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Tag: White Collar Crime

Control Fraud as White Collar Crime And William K. Black

 This is fascinating. Essentially William K. Black is modifying out concepts of White Collar Crime (The Lord knows it needs it!).

White collar crime is a concept still burdened by its original definition. These kinds of crimes are no longer centered on such things as embezzlement but on subverting entire nations.

Here Black explains what he means by the concept –

Here’s a fuller treatment by the author.

When Fragile becomes Friable: Endemic Control Fraud as a Cause of Economic Stagnation and Collapse

Individual “control frauds” cause greater losses than all other forms of property crime combined. They are financial super-predators. Control frauds are crimes led by the head of state or CEO that use the nation or company as a fraud vehicle. Waves of “control fraud” can cause economic collapses, damage and discredit key institutions vital to good political governance, and erode trust. The defining element of fraud is deceit – the criminal creates and then betrays trust. Fraud, therefore, is the strongest acid to eat away at trust. Endemic control fraud causes institutions and trust to become friable – to crumble – and produce economic stagnation.

Read More!

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Warren: Consumer agency on small banks’ side (via MSNBC)

I have become concerned at the language of corporate ethics and white collar crime. It is not precise enough for what we are doing. I have talked many times about banks often very critically. But very seldom was I speaking of the local banks, the small banks. Generally, the despicable actions of the 24 large investment banks were what was motivating my anger. We don’t have the right words. Multi-national corporations shifting jobs overseas are not the same as close corporations composed of a single family running a large farm. We speak of corporations and banks but we mean only a few. We need a new language in business ethics. We need a new precision. Those small banks, those small businesses would be allies in the fight for morality and justice if not lumped in with the others everytime criticism is made.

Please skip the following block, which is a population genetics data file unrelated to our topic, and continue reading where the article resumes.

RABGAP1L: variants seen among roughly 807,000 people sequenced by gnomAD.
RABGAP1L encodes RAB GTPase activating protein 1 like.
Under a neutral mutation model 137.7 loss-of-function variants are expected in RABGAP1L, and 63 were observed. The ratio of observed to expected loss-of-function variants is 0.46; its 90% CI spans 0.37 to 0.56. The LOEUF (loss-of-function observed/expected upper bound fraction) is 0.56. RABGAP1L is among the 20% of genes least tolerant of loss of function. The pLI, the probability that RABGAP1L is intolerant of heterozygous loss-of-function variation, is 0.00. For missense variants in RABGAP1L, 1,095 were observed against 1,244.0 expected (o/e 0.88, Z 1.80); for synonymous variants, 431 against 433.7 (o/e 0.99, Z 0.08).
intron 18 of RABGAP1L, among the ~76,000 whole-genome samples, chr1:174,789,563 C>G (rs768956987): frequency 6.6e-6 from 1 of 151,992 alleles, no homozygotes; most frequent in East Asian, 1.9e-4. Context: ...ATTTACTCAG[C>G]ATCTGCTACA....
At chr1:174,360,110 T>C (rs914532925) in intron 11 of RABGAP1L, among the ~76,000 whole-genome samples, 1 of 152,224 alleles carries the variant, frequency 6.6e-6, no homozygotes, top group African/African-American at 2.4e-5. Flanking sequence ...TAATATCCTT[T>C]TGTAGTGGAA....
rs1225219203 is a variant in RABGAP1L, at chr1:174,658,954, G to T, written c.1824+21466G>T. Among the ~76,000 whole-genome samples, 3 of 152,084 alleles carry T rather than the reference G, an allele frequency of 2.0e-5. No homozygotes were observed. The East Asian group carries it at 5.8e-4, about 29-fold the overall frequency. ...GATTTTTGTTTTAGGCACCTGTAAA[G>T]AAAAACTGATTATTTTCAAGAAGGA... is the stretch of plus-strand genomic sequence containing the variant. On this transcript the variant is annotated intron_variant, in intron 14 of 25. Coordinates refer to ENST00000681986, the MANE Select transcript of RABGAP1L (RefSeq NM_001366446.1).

We need a new language.

James Pilant


Small banks have expressed concern the new agency, set to open its doors in July, will add regulatory costs, making it harder for them to survive.

Warren told a gathering of community bankers that the opposite will happen as the agency simplifies regulations on products such as mortgages and seeks to crack down on non-bank lenders that went largely unregulated during the 2007-2009 financial crisis and are accused of shady lending practices.

“I know that you want a regulatory structure that doesn’t require an army of lawyers,” she said in remarks prepared for delivery at the Independent Community Bankers of America annual convention. “Big banks may be able to afford to hire all those lawyers, but you cannot.”

The McGowan Blog on Business Leadership and Ethics – Brand New Business Ethics Blog!

I want to extend a warm welcome to Larry Kahaner and his new blog. I have been reading it and I recommend you do so as well. I added it to my favorites and my blog roll. I believe that would make it the 12th blog I have recommended in that manner.

This is the intro for the first post on The McGowan Blog on Business Leadership and Ethics.